I have a Canon digital DSLR, with a 24 to 70mm zoom lens. That’s what I was mostly using. I had a 50mm lens but that’s not as practical for the stuff we were doing. I brought a tripod and all this other stuff, and then I realised all I had time for was my camera. We also had a GoPro and our cell phones. Those were the most convenient thing.
You really, really didn't have time for anything. You get the shot, it’s done, you want the day to be over, you want get everything finished and start the next challenge. It was very simple, guerrilla-style film-making.
You’ve got a bunch of footage on various cameras, what happens next?
We had a hard drive, and we’d throw everything onto my MacBook Pro. I’d have to sit through all the footage and sort it. It ended up been most of the interviewee shots on Tegan’s cell phone or the GoPro. I just use all that, and then add in some nice shots that we got along the way.
Originally I wanted to make a short film, actually I still do. I just haven’t had time. I've got so much footage, it’s actually crazy. Maybe we used a third of it. I used Final Cut Pro - throw everything together, export, upload to YouTube, put it on the website - boom, done!
Did you get anything special for this project or did you simply make do with what you had?
Everything was just what we had with us, what we already had.
You were trying to put up about five minutes of video each day?
We were trying to do one or two minutes and then it just ended up getting longer and longer. Sometimes because the stuff that she was saying was relevant and we wanted people to hear it. Sometimes I was just too tired to do more.
How many minutes of footage did you have to look through to find what you were actually going to use?
It would probably take me four or five hours to get everything edited, exported and onto YouTube. And then there’s a glitch or a black spot in it, fix it, export it again. New Zealand has the worst internet. I’d be sitting at MacDonald’s for two hours, or at information centres with free internet. When Tegan’s aunt Jilly joined us, she’d take Tegan ahead and I’d have to stay, wait, upload stuff and she’d come back and get me. The technical side can end up being so time consuming.
So five hours of each day just goes into editing video and trying to get a decent internet connection. What social media were you doing besides YouTube?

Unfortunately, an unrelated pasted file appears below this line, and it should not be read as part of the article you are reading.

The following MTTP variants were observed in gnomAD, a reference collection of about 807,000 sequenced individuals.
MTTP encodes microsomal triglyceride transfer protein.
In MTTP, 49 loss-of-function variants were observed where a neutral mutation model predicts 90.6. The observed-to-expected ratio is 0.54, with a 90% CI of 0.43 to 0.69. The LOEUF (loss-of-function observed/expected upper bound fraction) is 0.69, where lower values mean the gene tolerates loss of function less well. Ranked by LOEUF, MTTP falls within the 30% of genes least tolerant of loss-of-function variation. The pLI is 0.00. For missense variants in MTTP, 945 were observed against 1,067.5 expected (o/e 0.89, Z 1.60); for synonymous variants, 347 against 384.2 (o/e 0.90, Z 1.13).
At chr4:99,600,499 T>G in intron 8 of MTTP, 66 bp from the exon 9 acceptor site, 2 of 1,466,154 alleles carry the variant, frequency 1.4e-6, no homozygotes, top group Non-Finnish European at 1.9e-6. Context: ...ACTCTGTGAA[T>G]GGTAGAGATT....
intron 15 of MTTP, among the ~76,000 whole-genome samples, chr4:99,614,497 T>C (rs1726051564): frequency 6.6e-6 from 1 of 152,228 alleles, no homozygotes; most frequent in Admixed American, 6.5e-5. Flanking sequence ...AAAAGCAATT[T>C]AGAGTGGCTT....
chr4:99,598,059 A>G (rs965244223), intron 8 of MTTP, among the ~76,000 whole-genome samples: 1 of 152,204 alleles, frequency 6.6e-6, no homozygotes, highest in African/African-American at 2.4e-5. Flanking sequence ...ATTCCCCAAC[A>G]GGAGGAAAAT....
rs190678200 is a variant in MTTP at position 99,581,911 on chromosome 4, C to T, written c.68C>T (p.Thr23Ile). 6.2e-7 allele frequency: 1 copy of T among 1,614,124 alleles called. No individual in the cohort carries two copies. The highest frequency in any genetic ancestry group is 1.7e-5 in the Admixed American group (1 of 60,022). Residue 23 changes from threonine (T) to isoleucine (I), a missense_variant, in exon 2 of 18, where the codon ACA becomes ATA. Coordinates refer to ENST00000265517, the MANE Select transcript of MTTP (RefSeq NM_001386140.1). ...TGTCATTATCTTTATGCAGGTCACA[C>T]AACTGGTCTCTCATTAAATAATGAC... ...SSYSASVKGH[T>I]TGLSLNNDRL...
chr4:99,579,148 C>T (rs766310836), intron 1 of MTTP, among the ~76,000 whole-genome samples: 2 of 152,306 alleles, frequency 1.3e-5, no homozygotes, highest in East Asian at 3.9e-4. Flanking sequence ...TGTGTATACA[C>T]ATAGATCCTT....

The YouTube vide would go on the website. I’d have a nice picture from the day or a video thumbnail and put that on Instagram to let everybody know that there’s a new video up. And then we’d share the YouTube video link on the New Zealand Epic Facebook page.
Where you were getting most of your video views?
I think from Facebook..
Did you feel you were putting the videos out into a void of silence or were you getting a lot of feedback?
Half and half. There wasn’t that much feedback but there were some diehard followers who’d be watching every day. We didn't feel like the whole world was watching but it did feel like we were doing it for these specific people who were really interested.
Which video do you like best of all the ones you produced?
To be honest, I actually haven’t watched them since we did it. I think the first one that I made was my favourite because that was when I was most creative. As we learned what we needed to get out, it changed, we had a set formula - get something out on time, that is coherent and has all the requirements. There wasn’t too much creativity involved.
How many hours of footage do you have from the adventure?
Maybe a couple of days, there’s a lot of stuff. That was fun though. I’d run ahead and climb up a hill or sit in a tree and wait for Tegan to come past to get a good angle. Or we’d be in the middle of the road at night, to get an nice angle of the bicycle tyre. I think Tegan got tired by the end of it because I’dsay ‘Oh, sorry I didn't get that, can you go back and cycle again past me?’ She’d say ‘okay’ but she just wanted to get to where we were going.
The thing with film - at the end of the day as real as it is, it’s never 100% real.
Have you any idea what you’re going to do with all of that footage?
I would love to make it into a five minute short and enter it in an adventure film challenge.
In what ways did the whole experience turn out to not be what you were expecting?
I didn't realise how tiring it would be and how time consuming. And it didn't feel as free as I’d expected.
I’d like to be doing adventure sports videos but I do think it would have to be passion project I’d have to be working commercially in the industry to subsidies my projects. I've been looking at how National Geographic photographers work. It seems like you have to be really self-motivated, believe in your own projects and do a lot of your own stuff. Once you get noticed and recognised then maybe you can make money from it.
I guess it goes for finding a career in film and for going on the adventure. We learned is that you just have to do it. We spoke about it quite a bit. We both didn't really know what we were doing, but once you start it just happens. Nothing’s impossible.
You can find Niela on Instagram @NielaGie